animi

See: sane
References in classic literature ?
Optimus ille animi vindex laedentia pectus Vincula qui rupit, dedoluitque semel.
In De Sermone Giovanni Pontano confronts the problem of the human word not in its oratorical, poetic, or historiographic senses but in its capacity to serve as an instrument of what Cicero called a relaxatio animi, a cheering up or "lightening up" of the soul.
175v, "Is Phillipam genuit ex cuius decore ac venustate, pudorem quoque ac animi moderationem possumus agnoscere.
223v, "Is genuit Zarabinum sponsum, dignum profecto tali parente filium, cuius egregia forma corporisque praestantia miram quoque animi virtutem indicat.
Quis est qui cum hunc paulo diligentius intueatur, eius formae dignitatem contempletur, non iudicet tam decoram faciem, tam laetos oculos, tam hylarem vultum significare ac polliceri nobis egregiam et inauditam animi generositatem?
3, parts of the commentary on Aristotle's De anima 3, and the entire Question on Whether the Soul} Character Follows the Temperament of the Body (Quaestio utrum animi mores sequantur corporis temperamentum).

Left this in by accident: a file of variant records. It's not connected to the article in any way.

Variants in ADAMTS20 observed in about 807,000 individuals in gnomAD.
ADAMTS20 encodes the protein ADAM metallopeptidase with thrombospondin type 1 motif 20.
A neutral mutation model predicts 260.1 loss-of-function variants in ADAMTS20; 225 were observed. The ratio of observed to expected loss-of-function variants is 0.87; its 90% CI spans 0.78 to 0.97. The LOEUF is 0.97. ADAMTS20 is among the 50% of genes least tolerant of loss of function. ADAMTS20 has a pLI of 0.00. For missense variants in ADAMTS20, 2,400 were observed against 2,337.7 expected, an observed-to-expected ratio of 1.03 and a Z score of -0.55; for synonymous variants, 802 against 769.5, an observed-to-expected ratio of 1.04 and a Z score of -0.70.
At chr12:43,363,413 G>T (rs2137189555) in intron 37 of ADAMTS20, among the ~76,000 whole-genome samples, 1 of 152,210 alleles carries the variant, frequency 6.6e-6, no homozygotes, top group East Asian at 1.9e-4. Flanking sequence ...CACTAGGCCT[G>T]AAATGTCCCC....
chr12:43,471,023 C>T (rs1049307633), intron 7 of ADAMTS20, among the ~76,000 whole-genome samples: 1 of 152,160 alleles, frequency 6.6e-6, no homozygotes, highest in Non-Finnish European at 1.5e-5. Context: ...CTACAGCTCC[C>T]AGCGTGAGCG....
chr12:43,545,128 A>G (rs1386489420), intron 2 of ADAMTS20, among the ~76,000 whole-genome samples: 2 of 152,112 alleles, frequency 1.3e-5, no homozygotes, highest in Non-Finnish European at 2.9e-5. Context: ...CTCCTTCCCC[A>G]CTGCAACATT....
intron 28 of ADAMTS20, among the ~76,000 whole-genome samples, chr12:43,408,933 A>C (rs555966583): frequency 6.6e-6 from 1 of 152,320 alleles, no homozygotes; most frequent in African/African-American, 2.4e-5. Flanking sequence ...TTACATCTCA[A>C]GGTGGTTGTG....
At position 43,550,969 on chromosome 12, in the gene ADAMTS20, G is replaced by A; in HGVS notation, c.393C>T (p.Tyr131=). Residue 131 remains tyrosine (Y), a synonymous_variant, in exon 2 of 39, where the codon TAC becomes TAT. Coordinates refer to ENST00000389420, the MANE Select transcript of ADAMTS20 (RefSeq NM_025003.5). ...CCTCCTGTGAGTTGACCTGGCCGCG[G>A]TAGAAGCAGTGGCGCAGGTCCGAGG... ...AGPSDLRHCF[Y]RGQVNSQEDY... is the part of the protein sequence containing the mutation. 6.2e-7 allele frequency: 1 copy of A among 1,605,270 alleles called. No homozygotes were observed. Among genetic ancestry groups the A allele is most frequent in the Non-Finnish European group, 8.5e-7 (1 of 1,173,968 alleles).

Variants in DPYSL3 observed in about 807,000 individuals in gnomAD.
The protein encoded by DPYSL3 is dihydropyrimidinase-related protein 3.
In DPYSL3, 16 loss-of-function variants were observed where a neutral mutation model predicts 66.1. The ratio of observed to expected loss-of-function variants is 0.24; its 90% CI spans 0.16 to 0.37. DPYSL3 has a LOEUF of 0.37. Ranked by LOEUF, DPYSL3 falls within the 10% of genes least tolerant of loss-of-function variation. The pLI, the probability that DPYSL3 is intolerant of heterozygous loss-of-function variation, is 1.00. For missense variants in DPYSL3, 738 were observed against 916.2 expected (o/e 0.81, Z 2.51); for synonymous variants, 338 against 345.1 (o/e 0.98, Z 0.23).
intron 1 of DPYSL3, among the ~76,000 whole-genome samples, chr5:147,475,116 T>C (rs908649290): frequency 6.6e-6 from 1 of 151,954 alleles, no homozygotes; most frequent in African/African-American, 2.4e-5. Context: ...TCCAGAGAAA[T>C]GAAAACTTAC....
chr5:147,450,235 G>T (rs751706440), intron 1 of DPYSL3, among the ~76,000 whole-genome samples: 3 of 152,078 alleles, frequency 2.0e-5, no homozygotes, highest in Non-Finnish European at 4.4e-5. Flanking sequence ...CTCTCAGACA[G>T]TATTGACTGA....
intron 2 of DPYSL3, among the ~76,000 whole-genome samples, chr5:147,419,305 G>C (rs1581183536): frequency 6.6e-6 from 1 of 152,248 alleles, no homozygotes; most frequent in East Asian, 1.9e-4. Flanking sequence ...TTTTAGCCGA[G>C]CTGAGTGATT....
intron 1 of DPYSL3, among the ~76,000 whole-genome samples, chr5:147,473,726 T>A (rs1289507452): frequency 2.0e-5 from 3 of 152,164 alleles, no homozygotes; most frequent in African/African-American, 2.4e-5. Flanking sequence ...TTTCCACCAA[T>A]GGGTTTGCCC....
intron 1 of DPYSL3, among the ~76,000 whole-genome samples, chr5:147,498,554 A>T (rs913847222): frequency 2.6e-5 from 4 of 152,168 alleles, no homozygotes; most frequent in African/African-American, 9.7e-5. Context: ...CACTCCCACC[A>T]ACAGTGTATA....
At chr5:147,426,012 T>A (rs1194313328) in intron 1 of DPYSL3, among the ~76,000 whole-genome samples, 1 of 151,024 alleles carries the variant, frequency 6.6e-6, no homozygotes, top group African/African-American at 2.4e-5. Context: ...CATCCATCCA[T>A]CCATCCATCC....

I think that he would have done well in the Seneca chapter, for instance, to have related some markings from De Tranquilitate Animi to the Cary/Morrison ode, as he begins to do in the chapter dealing with Apuleius, where he observes: "These markings are intriguing for what they suggest about the importance of appealing to poetic and royal precedent.
quodcunque otii publico negotio subtrahere licuerit, id omne huc conferas et procul ab urbanis tumultibus vel tecum ipse vel potius cum huiuscemodi doctissimis iisdemque tui amantissiinis viris ea inquiras ac disputando assequaris, quibus animi nostri in suae originis ac divinitatis cognitioneni inducuntur.
Nam cum omni corporea contagione liberi in naturam suam animi nostri redierint, neque societas erit expetenda neque hostes formidandi cessabitque actio, cum interim speculatio magis magisque corroboretur.
In characterizing speech as the most reliable mirror of the mind (74, 68, "oratio, minime mendax animi speculum"), Folly uses an image which was central throughout the Middle Ages and the Renaissance.
Scilicet Socrates tacentem hominem non videbat; etenim arbitrabatur homines non oculorum, sed mentis acie et animi obtutu considerandos.
Moreover, it is misleading to refer to Pietro Pomponazzi, a native of Mantua, as a "Paduan philosopher" at the time that he published his De immortalitate animi [sic] in 1516 at Bologna.